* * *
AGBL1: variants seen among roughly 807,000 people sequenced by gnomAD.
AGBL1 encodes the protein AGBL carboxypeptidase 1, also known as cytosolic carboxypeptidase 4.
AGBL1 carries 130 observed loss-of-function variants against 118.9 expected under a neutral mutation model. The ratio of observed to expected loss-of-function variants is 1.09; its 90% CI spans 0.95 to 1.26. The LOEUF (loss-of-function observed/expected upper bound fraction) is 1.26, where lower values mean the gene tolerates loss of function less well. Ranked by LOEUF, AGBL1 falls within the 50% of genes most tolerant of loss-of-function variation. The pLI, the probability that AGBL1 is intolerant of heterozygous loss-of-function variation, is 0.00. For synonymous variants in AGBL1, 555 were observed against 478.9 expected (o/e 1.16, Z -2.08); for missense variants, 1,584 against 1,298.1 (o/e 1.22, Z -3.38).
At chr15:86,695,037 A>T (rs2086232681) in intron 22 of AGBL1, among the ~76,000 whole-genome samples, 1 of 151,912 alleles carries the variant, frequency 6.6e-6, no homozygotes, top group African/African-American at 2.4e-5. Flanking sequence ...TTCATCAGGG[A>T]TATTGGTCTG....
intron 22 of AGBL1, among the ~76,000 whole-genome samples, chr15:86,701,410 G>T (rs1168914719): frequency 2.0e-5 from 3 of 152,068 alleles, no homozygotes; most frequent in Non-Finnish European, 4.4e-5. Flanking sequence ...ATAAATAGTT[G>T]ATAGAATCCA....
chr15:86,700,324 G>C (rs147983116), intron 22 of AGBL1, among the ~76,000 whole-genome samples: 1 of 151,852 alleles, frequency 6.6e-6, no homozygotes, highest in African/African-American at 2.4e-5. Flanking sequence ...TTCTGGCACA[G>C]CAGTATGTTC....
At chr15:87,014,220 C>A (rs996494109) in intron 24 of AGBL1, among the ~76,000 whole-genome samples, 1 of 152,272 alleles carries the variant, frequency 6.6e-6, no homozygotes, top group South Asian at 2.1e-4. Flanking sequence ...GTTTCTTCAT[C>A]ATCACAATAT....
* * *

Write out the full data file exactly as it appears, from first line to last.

AGBL1: variants seen among roughly 807,000 people sequenced by gnomAD.
AGBL1 encodes the protein AGBL carboxypeptidase 1, also known as cytosolic carboxypeptidase 4.
AGBL1 carries 130 observed loss-of-function variants against 118.9 expected under a neutral mutation model. The ratio of observed to expected loss-of-function variants is 1.09; its 90% CI spans 0.95 to 1.26. The LOEUF (loss-of-function observed/expected upper bound fraction) is 1.26, where lower values mean the gene tolerates loss of function less well. Ranked by LOEUF, AGBL1 falls within the 50% of genes most tolerant of loss-of-function variation. The pLI, the probability that AGBL1 is intolerant of heterozygous loss-of-function variation, is 0.00. For synonymous variants in AGBL1, 555 were observed against 478.9 expected (o/e 1.16, Z -2.08); for missense variants, 1,584 against 1,298.1 (o/e 1.22, Z -3.38).
At chr15:86,695,037 A>T (rs2086232681) in intron 22 of AGBL1, among the ~76,000 whole-genome samples, 1 of 151,912 alleles carries the variant, frequency 6.6e-6, no homozygotes, top group African/African-American at 2.4e-5. Flanking sequence ...TTCATCAGGG[A>T]TATTGGTCTG....
intron 22 of AGBL1, among the ~76,000 whole-genome samples, chr15:86,701,410 G>T (rs1168914719): frequency 2.0e-5 from 3 of 152,068 alleles, no homozygotes; most frequent in Non-Finnish European, 4.4e-5. Flanking sequence ...ATAAATAGTT[G>T]ATAGAATCCA....
chr15:86,700,324 G>C (rs147983116), intron 22 of AGBL1, among the ~76,000 whole-genome samples: 1 of 151,852 alleles, frequency 6.6e-6, no homozygotes, highest in African/African-American at 2.4e-5. Flanking sequence ...TTCTGGCACA[G>C]CAGTATGTTC....
At chr15:87,014,220 C>A (rs996494109) in intron 24 of AGBL1, among the ~76,000 whole-genome samples, 1 of 152,272 alleles carries the variant, frequency 6.6e-6, no homozygotes, top group South Asian at 2.1e-4. Flanking sequence ...GTTTCTTCAT[C>A]ATCACAATAT....